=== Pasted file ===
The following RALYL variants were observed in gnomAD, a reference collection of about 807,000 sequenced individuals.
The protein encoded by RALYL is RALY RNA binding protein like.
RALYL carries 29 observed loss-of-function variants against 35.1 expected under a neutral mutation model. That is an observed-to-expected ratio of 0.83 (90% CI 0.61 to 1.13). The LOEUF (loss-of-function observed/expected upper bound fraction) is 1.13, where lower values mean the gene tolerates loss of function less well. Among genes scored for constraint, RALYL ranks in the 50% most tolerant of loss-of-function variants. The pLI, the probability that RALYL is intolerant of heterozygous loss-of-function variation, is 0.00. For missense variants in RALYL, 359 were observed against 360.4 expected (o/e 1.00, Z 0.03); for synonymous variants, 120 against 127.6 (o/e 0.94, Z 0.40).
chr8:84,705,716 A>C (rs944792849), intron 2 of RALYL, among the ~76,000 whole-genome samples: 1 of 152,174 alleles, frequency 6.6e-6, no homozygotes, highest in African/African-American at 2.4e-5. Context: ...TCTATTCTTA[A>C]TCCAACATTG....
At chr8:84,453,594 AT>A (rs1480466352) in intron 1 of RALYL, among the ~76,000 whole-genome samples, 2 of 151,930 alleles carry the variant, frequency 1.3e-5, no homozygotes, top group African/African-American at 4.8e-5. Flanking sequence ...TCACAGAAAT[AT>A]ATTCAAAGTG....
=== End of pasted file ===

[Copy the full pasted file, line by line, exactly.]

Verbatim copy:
The following RALYL variants were observed in gnomAD, a reference collection of about 807,000 sequenced individuals.
The protein encoded by RALYL is RALY RNA binding protein like.
RALYL carries 29 observed loss-of-function variants against 35.1 expected under a neutral mutation model. That is an observed-to-expected ratio of 0.83 (90% CI 0.61 to 1.13). The LOEUF (loss-of-function observed/expected upper bound fraction) is 1.13, where lower values mean the gene tolerates loss of function less well. Among genes scored for constraint, RALYL ranks in the 50% most tolerant of loss-of-function variants. The pLI, the probability that RALYL is intolerant of heterozygous loss-of-function variation, is 0.00. For missense variants in RALYL, 359 were observed against 360.4 expected (o/e 1.00, Z 0.03); for synonymous variants, 120 against 127.6 (o/e 0.94, Z 0.40).
chr8:84,705,716 A>C (rs944792849), intron 2 of RALYL, among the ~76,000 whole-genome samples: 1 of 152,174 alleles, frequency 6.6e-6, no homozygotes, highest in African/African-American at 2.4e-5. Context: ...TCTATTCTTA[A>C]TCCAACATTG....
At chr8:84,453,594 AT>A (rs1480466352) in intron 1 of RALYL, among the ~76,000 whole-genome samples, 2 of 151,930 alleles carry the variant, frequency 1.3e-5, no homozygotes, top group African/African-American at 4.8e-5. Flanking sequence ...TCACAGAAAT[AT>A]ATTCAAAGTG....